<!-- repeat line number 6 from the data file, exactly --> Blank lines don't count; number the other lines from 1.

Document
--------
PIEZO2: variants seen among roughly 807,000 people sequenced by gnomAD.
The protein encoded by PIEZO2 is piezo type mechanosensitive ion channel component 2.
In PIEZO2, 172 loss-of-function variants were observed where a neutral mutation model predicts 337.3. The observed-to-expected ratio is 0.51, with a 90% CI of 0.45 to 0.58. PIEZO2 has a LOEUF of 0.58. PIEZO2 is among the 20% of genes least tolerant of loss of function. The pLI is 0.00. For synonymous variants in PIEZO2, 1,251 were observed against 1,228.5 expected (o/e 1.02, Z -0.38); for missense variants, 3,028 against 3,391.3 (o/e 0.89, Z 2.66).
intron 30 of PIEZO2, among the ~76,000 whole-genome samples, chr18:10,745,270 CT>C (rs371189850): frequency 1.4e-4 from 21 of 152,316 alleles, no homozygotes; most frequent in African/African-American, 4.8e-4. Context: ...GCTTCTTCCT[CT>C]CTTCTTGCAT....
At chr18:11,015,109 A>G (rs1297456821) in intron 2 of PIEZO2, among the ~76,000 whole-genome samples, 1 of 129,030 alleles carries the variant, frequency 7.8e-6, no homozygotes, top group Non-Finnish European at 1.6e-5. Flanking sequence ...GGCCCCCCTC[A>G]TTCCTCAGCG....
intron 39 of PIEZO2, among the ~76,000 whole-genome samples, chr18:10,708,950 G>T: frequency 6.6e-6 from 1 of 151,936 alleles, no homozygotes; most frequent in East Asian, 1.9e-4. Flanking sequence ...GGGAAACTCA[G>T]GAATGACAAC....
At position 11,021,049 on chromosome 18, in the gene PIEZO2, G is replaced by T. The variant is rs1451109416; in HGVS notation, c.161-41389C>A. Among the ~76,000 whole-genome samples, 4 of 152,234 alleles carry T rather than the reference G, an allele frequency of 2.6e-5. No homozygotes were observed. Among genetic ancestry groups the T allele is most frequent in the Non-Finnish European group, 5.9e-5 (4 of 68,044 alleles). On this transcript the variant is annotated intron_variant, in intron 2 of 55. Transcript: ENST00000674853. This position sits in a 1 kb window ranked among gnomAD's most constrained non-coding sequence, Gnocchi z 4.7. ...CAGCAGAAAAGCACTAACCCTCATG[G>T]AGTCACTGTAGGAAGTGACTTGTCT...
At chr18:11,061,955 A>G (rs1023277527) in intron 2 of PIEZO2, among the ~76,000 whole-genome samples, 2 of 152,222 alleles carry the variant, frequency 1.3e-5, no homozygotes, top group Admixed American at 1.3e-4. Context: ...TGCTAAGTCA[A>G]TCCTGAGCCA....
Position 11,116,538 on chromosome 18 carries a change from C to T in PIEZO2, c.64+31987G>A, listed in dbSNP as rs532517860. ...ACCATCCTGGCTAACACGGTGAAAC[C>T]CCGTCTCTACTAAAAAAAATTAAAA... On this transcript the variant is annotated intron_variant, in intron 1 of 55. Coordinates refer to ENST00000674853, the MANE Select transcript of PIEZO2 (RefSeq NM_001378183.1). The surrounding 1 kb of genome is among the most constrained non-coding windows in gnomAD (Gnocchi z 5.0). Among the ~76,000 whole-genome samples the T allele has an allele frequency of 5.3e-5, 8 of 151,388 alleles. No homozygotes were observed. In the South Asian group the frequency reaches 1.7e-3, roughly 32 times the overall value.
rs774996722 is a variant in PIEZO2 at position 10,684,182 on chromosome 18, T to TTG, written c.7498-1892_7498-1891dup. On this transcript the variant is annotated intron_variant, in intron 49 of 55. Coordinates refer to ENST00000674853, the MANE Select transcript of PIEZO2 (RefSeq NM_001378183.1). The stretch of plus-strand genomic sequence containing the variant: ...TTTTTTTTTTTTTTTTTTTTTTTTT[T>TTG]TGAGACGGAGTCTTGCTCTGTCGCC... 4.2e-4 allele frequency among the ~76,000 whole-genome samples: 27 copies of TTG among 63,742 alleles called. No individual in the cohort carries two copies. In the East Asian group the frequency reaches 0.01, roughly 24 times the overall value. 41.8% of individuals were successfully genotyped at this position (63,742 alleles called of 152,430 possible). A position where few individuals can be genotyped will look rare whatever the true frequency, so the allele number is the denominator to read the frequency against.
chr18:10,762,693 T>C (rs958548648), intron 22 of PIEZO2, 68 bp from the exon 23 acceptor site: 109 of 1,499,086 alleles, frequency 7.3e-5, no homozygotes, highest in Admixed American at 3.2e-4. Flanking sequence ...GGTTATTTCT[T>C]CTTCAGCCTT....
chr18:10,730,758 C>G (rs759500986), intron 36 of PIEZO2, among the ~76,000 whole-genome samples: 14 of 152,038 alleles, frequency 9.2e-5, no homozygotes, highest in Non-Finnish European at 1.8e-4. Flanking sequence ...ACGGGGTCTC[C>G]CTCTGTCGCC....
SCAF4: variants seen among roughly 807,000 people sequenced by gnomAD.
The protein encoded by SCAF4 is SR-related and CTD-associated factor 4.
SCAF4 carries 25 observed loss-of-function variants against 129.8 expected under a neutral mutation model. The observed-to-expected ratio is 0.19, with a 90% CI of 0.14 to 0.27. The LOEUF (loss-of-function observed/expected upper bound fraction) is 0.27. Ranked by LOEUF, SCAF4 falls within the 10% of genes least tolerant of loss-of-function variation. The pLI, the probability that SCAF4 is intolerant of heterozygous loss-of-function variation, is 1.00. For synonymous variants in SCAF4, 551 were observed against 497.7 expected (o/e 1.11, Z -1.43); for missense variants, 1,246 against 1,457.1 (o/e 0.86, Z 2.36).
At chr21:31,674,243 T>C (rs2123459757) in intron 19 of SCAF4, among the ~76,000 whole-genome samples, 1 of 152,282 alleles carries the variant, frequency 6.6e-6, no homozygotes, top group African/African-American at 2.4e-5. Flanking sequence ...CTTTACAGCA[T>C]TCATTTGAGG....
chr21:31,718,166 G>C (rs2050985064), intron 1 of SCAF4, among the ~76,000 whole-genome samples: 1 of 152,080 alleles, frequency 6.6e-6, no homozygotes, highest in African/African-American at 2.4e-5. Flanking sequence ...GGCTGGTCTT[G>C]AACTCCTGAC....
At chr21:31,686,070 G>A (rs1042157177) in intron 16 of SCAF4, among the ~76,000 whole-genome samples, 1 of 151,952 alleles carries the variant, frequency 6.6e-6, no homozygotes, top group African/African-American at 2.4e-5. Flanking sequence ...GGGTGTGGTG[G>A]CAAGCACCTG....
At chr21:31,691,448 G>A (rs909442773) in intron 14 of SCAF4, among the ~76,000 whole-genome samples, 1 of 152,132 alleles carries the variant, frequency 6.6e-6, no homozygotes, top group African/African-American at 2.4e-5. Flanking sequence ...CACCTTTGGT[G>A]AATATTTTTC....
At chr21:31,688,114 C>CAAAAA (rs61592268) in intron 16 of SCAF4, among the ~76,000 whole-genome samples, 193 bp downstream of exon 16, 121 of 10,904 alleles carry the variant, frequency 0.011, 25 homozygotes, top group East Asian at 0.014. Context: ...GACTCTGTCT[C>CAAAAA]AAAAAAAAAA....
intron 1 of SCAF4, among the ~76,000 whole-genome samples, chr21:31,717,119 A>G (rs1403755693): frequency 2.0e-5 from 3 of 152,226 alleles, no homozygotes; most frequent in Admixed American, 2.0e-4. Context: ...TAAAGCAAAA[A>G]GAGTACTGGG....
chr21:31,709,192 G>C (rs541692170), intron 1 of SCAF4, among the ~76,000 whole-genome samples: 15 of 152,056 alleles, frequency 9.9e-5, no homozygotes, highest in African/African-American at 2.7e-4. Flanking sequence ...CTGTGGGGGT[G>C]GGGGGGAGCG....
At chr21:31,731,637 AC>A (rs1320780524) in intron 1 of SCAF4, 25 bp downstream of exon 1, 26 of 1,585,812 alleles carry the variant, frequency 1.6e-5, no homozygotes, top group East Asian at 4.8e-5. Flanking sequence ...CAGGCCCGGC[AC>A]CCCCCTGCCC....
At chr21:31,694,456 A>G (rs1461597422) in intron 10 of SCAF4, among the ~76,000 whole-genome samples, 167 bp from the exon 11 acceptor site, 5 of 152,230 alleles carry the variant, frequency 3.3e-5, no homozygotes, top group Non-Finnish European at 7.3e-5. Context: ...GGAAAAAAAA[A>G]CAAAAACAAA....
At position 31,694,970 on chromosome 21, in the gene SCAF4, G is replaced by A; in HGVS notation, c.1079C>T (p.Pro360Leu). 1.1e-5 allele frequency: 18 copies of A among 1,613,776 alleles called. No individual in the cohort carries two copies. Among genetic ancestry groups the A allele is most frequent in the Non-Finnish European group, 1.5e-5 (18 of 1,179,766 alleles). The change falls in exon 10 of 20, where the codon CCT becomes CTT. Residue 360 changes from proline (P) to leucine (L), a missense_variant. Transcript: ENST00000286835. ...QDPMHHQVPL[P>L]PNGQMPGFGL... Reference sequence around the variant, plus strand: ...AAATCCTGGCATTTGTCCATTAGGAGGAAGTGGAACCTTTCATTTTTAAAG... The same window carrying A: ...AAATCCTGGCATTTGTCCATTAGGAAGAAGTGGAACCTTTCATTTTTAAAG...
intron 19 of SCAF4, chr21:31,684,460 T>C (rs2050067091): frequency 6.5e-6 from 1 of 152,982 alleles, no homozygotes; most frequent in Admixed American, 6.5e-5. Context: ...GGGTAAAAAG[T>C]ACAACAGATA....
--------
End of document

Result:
intron 39 of PIEZO2, among the ~76,000 whole-genome samples, chr18:10,708,950 G>T: frequency 6.6e-6 from 1 of 151,936 alleles, no homozygotes; most frequent in East Asian, 1.9e-4. Flanking sequence ...GGGAAACTCA[G>T]GAATGACAAC....